Refugee band sounds a positive note for truth-telling in Burundi
|Publisher||UN High Commissioner for Refugees (UNHCR)|
|Publication Date||19 March 2013|
|Cite as||UN High Commissioner for Refugees (UNHCR), Refugee band sounds a positive note for truth-telling in Burundi, 19 March 2013, available at: http://www.refworld.org/docid/514992232.html [accessed 25 June 2017]|
It was a strange and gripping scene as the young man confessed to falsifying his documents, fell to his knees, promised to reform and received forgiveness – all in the space of 15 minutes and in front of a large crowd as well as UNHCR and government staff.
That's what happened recently at this refugee camp set in the rolling green hills of eastern Burundi – as part of a performance and information campaign ahead of a countrywide data-checking exercise slated to start later this month.
In the skit, presented by refugees from the Democratic Republic of the Congo (DRC) who are also members of a performance group called New Vision, our transgressor admits to having illegally registered a Burundian child on his ration card. But now God has told him to come clean, and he recognizes that receiving extra food amounts to theft. A second actor, playing a pastor, offers absolution – if he tells the truth during the data-checking exercise.
"We're trying to get across information in the form of simple, positive messages," explained Hannah Simon, a young Swiss UNHCR associate protection officer. "There will be a verification, everyone has to come, it's good for you, and it's good for us." A key point is that renewal of the refugees' vital government-issued ID cards depends on the verification exercise.
More than 10,000 Congolese refugees live in the neat rows of mud-daub houses at Bwagiriza, outside the provincial capital Ruyigi, where Simon and her colleagues are based. It's been several years since the last verification, and UNHCR and the government refugee agency ONPRA say they need fresh data to understand better who the refugees are and how best to direct assistance.
Most of the refugees fled fighting and insecurity in the DRC, but family members may sometimes return there to visit or work, or have moved to Burundi's cities and towns. And of course children are born in the camp, as was evidenced by the number of pregnant women, women cradling infants, and toddlers taking in the performance.
The data-checking exercise in Bwagiriza includes the information campaign, family interviews and document renewals. And UNHCR staff hope it will serve as a model for subsequent verifications at the Kinama and Musasa refugee camps in Burundi – where as many as 9,000 refugees live – in the capital, Bujumbura, as well as throughout the East and Horn of Africa and Great Lakes region.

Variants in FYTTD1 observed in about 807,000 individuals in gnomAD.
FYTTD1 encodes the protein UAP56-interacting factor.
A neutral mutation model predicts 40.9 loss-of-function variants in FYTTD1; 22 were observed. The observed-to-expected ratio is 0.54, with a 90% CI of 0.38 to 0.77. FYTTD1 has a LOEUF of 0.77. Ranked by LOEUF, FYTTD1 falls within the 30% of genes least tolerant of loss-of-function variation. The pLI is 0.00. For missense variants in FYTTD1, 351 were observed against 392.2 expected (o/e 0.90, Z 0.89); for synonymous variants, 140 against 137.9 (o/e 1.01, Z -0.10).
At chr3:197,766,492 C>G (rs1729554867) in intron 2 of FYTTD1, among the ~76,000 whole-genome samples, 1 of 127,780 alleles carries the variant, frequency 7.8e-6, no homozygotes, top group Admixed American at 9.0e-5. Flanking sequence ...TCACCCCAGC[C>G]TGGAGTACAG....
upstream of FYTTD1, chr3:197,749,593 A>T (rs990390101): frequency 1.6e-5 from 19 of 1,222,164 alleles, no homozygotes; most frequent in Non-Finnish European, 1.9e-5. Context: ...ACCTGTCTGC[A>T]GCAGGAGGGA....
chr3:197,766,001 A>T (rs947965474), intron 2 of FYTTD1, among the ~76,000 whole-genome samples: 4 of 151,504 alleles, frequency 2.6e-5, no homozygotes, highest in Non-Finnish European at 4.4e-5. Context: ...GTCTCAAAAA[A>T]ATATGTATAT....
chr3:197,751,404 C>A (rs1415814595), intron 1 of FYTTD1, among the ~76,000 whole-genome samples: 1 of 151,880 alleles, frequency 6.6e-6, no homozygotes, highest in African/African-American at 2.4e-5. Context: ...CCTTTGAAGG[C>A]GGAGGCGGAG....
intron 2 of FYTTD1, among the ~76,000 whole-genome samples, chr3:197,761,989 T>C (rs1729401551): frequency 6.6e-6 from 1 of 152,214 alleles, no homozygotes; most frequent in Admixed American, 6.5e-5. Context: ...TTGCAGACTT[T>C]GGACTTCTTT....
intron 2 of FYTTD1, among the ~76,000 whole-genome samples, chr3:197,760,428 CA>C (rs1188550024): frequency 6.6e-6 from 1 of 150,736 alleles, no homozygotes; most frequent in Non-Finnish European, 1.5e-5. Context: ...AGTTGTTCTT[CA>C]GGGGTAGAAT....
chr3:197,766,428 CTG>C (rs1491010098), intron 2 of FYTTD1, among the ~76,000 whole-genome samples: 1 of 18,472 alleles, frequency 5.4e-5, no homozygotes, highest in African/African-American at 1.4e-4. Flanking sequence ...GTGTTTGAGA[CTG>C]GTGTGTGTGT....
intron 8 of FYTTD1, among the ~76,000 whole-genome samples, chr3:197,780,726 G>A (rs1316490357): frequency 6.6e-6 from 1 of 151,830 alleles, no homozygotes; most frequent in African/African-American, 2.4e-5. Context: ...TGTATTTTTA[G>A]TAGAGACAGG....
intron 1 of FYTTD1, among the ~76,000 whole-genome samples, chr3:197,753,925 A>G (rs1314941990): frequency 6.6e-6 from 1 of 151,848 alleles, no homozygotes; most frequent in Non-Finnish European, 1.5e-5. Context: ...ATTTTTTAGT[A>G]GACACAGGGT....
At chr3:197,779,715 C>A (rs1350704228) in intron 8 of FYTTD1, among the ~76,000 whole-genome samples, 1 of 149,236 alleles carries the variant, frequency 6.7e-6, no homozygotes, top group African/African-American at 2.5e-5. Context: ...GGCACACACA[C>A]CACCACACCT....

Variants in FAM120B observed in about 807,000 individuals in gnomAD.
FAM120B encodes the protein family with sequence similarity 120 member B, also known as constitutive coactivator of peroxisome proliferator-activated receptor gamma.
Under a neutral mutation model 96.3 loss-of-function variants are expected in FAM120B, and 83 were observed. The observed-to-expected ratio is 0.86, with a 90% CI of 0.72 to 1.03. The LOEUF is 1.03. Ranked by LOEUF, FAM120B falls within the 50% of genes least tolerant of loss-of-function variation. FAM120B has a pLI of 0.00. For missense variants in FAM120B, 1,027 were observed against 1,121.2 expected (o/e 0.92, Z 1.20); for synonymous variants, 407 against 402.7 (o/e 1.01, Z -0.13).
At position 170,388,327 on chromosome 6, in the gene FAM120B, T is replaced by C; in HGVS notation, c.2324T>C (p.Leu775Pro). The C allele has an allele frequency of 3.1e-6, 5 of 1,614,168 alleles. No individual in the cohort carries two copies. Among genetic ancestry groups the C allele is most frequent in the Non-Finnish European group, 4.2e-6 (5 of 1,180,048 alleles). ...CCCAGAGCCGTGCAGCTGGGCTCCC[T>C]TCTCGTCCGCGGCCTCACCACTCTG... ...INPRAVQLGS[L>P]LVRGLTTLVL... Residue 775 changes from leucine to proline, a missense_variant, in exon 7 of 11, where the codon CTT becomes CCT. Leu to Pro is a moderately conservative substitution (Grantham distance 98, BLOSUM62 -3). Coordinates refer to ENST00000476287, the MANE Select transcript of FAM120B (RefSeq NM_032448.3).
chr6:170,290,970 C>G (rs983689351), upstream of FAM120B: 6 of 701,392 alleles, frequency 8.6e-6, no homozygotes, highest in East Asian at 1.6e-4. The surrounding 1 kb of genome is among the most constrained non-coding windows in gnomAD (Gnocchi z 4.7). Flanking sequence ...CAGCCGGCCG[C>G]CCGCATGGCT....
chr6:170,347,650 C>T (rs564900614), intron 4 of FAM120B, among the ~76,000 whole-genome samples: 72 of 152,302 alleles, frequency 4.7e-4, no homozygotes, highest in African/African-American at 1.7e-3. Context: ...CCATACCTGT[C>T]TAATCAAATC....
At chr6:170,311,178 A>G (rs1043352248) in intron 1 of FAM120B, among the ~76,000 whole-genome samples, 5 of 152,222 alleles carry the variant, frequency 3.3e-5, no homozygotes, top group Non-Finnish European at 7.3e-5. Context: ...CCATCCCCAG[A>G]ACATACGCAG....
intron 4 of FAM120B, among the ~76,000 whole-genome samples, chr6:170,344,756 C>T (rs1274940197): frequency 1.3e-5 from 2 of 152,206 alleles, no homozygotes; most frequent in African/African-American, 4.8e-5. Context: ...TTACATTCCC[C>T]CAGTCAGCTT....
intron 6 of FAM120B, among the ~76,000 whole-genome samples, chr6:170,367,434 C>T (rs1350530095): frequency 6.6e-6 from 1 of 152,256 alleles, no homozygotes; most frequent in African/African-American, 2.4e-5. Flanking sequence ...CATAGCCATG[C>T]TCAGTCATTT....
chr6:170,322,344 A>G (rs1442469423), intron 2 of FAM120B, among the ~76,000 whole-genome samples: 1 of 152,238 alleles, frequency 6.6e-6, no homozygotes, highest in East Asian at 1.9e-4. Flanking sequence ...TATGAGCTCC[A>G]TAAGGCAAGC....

That's where the novelty of the attention-grabbing street theatre and a Congolese-style song by the New Vision group come in. "Dear friends, brothers and sisters," sang New Vision's Neema Yvette Bahaya in a rich voice. "You have to be verified in order to be positive . . . you have to come with your family and your documents." But the song and UNHCR's messages contain warnings, too – that refugees who fail to attend the verification risk having their assistance cut off.
Among the hundreds of refugees who braved the hot sun to take in the performances was 18-year-old Kennedy Muhindo-Rosumba."The song was well written and delivered the information in an interesting way," he said. "It was effective how it mixed French and Kiswahili, since that's what we're used to in Congo."
A question-and-answer session followed, and it was clear some refugees were worried about relatives who are in hospital or jail. Simon assured that UNHCR is taking care of them and that they are exempt from attending the data-checking exercise. But she took a firmer stance on the many questions about children living, and perhaps attending school, away from the camp. "Your children are your responsibility," she told the refugees. "It's the role of the head of the family to bring the whole family for verification."
UNHCR expects the exercise to last approximately six weeks. And with the start-date fast approaching, staff are fine tuning their messages and the ways they deliver them, including through a proposed poster contest. In part by consulting with the refugees themselves, particularly refugee women, UNHCR staff members are aiming – like the New Vision musicians – to hit the right note.